Skip to main content

Film Review: The Screaming Skull (1958)

A lot can be said about The Screaming Skull. Is it over the top? Yes. Is it a great film? No, not really. Is it fun to watch? Definitely. The concept of the movie is fairly simple: a second wife is a victim of gaslighting by her new husband who is guilty of murdering his first wife, who haunts everyone she can. This low-budget gothic horror film from 1958 was directed by Alex Nicol, who up to this point in his career was known for his work as Broadway actor. Peggy Webber, the star of the film whose performance is nothing short of brilliant, loathed the movie stating it made it her want to throw up after viewing it (because of the quality, not because of any gore). Yet, Webber is a power house in her role. Her considerable acting skills are demonstrated in scene after scene as her character Jenni Whitlock is convinced by those around her (including by herself) that her sanity is slipping. Playing the scheming, homicidal husband, John Hudson gives an equally impressive performance. Adapted from a story by Francis Marion Crawford (who was inspired by folklore about the legend of a screaming skull), screenwriter John Kneubuhl infuses the script with empathy for Jenni, allowing the audience to fear for her safety, as well as root for her escape. I was fortunate enough to watch the Blu-ray version of the film, which Shout Factory released a few years ago. The picture quality and the packaging were fantastic. 

David-Matthew Barnes



Popular posts from this blog

Film Review: The Menu (2022)

I hope you bring your appetite to this deliciously devilish film. The Menu , a dark horror comedy film directed by Mark Mylod, delivers every course it serves. Stylistic and aesthetically exquisite, this movie will be celebrated not only for its mesmerizing visuals but for it's clever script, expert direction, and nuanced performances from a cast of ultra talented actors, including a wonderful Judith Light (will someone please put this wonderful woman in more films?). The creepy premise feels simple: a group of self-obsessed strangers find themselves sharing a terrifying experience. They're the guest at a posh, elite private restaurant located on a secluded island in the middle of nowhere (or, so it seems). The first half of the film is a slow move, keeping the audience (and the characters) in one location: the dining room and adjacent kitchen of the restaurant. Mylod takes a chance by keeping us here for so long, but it's a risk that works because, as an audience member, I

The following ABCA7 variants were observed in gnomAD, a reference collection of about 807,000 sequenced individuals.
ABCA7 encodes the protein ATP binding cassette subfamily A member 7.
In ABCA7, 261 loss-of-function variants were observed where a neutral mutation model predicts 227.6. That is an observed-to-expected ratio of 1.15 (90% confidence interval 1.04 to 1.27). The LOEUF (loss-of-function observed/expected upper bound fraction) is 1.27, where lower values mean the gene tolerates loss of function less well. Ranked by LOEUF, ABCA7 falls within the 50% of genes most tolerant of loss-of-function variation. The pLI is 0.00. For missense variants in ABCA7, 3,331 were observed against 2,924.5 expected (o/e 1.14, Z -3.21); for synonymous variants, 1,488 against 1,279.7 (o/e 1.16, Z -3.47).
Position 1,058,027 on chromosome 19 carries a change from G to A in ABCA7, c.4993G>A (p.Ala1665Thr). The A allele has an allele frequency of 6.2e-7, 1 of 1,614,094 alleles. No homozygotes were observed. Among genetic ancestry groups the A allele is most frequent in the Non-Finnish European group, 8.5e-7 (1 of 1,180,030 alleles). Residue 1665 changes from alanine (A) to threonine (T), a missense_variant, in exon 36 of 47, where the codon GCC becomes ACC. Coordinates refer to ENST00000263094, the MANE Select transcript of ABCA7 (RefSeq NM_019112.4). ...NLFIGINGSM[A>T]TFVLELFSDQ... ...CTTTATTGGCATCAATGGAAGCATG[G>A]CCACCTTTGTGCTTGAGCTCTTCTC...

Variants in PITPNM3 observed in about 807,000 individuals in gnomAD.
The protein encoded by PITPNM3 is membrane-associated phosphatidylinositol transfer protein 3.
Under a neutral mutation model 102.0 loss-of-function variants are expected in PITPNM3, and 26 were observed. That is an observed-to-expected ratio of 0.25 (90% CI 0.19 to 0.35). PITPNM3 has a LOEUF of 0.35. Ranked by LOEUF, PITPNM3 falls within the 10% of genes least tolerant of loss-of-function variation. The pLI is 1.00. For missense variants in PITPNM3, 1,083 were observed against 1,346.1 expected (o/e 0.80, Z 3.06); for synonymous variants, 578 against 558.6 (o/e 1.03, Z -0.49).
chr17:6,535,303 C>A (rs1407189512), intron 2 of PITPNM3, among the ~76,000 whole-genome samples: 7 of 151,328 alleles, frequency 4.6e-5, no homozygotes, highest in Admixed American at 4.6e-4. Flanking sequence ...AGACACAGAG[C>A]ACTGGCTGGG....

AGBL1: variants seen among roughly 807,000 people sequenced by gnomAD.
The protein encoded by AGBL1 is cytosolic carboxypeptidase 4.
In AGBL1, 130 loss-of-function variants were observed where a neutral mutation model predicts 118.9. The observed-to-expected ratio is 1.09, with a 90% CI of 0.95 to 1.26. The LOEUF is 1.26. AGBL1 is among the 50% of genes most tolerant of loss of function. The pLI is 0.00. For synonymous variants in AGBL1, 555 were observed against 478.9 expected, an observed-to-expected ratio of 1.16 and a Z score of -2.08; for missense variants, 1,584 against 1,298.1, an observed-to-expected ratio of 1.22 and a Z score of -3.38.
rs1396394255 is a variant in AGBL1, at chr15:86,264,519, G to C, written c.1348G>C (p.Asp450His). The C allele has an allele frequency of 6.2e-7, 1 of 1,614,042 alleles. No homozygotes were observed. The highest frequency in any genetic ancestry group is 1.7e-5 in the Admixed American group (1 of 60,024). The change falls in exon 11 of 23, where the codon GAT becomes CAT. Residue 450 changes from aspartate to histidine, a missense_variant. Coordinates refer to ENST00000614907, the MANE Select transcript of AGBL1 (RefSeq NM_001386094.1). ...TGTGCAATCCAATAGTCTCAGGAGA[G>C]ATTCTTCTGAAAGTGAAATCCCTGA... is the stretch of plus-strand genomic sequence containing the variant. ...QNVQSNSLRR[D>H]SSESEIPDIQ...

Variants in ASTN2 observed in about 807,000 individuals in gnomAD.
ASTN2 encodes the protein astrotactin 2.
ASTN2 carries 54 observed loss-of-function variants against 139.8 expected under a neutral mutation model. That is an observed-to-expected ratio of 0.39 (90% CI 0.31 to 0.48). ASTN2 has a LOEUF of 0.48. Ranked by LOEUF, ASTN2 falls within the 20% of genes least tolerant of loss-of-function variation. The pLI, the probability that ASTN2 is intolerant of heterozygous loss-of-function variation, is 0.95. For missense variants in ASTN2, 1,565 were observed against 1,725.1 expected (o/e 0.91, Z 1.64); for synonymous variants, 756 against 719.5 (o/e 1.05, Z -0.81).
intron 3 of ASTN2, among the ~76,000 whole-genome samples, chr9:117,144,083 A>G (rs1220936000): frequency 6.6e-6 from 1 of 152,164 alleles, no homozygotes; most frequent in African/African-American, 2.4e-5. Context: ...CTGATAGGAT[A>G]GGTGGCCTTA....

Film Review: The Adam Project (2022)

Watching Shawn Levy's sci-fi action comedy The Adam Project is a fun, thrilling experience. The concept of the film is clever: a fighter pilot travels back to a specific point in his life, only to meet (and bond with) his younger self. The always-charming Ryan Reynolds is our leading man, playing the grown-up version of Adam Reed. Reynolds continues to prove he knows a thing or two about being funny. Here, his comedic timing is sharper than ever, evident each time he delivers hilarious lines of dialogue. The pairing of Reynolds with young actor Walker Scobell (who plays a 12-year old version of Adam Reed) creates a fantastic comedic duo. Their dynamic is very enjoyable to watch. They are surrounded by an all-star cast, appearing mostly in supporting roles, including Mark Ruffalo and Jennifer Garner (both should've been given more screen time), and a devilish performance by Catherine Keener as an ultra-villain who you will love to hate. At the heart of the film, this is a good

Film Review: Empire of Light (2022)

From start to finish, Empire of Light is an exquisite film. Set in the early 1980's in a beautiful, vintage cinema in a quaint English seaside town, the film explores the complexities of the lives of those who work at the movie theater. While it's certainly an ensemble film, Olivia Colman's brilliant performance coupled with Micheal Ward's nuanced portrayal of her unexpected leading man allows both to shine in extraordinary ways rarely seen in contemporary films. Their performances are masterful individually, yet equally powerful as a poetic duet of two seemingly different people impacted by the collision of lives. Featuring a sensational supporting cast that includes standout performances by Toby Jones, Hannah Onslow, and Tom Brooke, Mendes creates a bittersweet extended family out of his characters all connected by place, something anyone who has worked in a similar public-serving job can relate to.  At it's core, Empire of Light is a fascinating and sometime bru